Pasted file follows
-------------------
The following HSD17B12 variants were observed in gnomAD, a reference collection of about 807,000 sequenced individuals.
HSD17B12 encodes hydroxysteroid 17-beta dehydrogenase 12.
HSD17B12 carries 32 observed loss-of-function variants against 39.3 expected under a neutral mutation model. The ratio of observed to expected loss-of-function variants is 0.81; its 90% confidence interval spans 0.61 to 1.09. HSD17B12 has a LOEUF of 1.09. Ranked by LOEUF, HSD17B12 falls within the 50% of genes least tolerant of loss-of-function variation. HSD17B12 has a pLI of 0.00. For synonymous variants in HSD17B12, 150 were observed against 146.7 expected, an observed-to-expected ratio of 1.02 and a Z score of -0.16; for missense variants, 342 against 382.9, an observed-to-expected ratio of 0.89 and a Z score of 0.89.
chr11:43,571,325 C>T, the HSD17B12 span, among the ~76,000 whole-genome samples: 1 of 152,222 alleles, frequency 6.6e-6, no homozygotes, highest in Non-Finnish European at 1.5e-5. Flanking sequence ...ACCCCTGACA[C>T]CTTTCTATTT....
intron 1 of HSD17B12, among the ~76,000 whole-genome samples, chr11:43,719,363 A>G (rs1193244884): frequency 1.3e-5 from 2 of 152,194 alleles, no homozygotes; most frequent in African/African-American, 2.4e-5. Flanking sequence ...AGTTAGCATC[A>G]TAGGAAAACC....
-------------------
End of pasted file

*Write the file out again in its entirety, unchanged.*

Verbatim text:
The following HSD17B12 variants were observed in gnomAD, a reference collection of about 807,000 sequenced individuals.
HSD17B12 encodes hydroxysteroid 17-beta dehydrogenase 12.
HSD17B12 carries 32 observed loss-of-function variants against 39.3 expected under a neutral mutation model. The ratio of observed to expected loss-of-function variants is 0.81; its 90% confidence interval spans 0.61 to 1.09. HSD17B12 has a LOEUF of 1.09. Ranked by LOEUF, HSD17B12 falls within the 50% of genes least tolerant of loss-of-function variation. HSD17B12 has a pLI of 0.00. For synonymous variants in HSD17B12, 150 were observed against 146.7 expected, an observed-to-expected ratio of 1.02 and a Z score of -0.16; for missense variants, 342 against 382.9, an observed-to-expected ratio of 0.89 and a Z score of 0.89.
chr11:43,571,325 C>T, the HSD17B12 span, among the ~76,000 whole-genome samples: 1 of 152,222 alleles, frequency 6.6e-6, no homozygotes, highest in Non-Finnish European at 1.5e-5. Flanking sequence ...ACCCCTGACA[C>T]CTTTCTATTT....
intron 1 of HSD17B12, among the ~76,000 whole-genome samples, chr11:43,719,363 A>G (rs1193244884): frequency 1.3e-5 from 2 of 152,194 alleles, no homozygotes; most frequent in African/African-American, 2.4e-5. Flanking sequence ...AGTTAGCATC[A>G]TAGGAAAACC....